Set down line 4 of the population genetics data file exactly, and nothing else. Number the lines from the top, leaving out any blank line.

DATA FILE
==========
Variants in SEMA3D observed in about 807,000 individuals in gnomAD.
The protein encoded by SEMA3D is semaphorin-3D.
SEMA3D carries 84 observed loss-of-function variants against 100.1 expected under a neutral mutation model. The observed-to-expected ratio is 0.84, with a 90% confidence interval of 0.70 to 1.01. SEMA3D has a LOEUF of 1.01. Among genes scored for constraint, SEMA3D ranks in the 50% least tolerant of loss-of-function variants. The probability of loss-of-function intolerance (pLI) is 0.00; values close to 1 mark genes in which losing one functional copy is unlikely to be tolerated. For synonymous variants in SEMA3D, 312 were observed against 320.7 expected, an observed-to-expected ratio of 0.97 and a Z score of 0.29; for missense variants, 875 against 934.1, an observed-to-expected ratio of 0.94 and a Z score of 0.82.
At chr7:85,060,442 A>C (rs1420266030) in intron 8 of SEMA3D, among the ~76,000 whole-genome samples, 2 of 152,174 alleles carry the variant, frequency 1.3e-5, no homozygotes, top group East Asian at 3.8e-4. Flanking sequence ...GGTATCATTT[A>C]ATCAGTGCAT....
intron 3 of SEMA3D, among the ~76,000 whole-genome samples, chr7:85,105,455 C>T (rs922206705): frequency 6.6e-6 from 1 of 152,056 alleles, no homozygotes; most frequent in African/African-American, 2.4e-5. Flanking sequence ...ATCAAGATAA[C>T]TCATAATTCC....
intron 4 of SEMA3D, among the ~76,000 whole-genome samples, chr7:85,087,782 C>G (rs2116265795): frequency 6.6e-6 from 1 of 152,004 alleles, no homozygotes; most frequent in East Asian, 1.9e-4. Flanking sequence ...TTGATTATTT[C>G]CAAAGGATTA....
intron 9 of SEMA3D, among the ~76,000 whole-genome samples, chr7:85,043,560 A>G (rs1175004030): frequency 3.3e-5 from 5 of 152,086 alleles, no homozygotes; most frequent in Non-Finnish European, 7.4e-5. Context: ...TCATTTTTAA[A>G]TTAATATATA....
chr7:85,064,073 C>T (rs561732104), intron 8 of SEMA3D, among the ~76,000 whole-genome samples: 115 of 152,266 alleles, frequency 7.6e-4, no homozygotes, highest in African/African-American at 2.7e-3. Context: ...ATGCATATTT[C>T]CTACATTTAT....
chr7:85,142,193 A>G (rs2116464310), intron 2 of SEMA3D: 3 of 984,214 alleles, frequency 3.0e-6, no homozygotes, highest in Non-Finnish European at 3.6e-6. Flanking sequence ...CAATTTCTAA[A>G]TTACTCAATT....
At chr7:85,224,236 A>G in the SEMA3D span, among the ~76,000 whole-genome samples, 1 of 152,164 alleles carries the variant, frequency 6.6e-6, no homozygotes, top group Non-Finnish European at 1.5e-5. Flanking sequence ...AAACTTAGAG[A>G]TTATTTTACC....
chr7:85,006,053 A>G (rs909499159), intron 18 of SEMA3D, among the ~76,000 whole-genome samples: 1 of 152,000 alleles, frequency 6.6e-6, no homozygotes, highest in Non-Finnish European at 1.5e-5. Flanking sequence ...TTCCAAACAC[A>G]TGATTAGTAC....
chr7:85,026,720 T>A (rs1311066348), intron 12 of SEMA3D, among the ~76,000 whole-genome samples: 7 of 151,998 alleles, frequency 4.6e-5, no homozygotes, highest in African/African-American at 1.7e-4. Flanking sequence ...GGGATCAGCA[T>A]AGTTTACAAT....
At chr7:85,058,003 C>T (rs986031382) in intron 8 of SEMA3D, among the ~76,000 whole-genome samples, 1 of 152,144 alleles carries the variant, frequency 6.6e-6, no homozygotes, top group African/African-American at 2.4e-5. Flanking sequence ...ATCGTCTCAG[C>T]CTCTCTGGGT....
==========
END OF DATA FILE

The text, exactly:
At chr7:85,060,442 A>C (rs1420266030) in intron 8 of SEMA3D, among the ~76,000 whole-genome samples, 2 of 152,174 alleles carry the variant, frequency 1.3e-5, no homozygotes, top group East Asian at 3.8e-4. Flanking sequence ...GGTATCATTT[A>C]ATCAGTGCAT....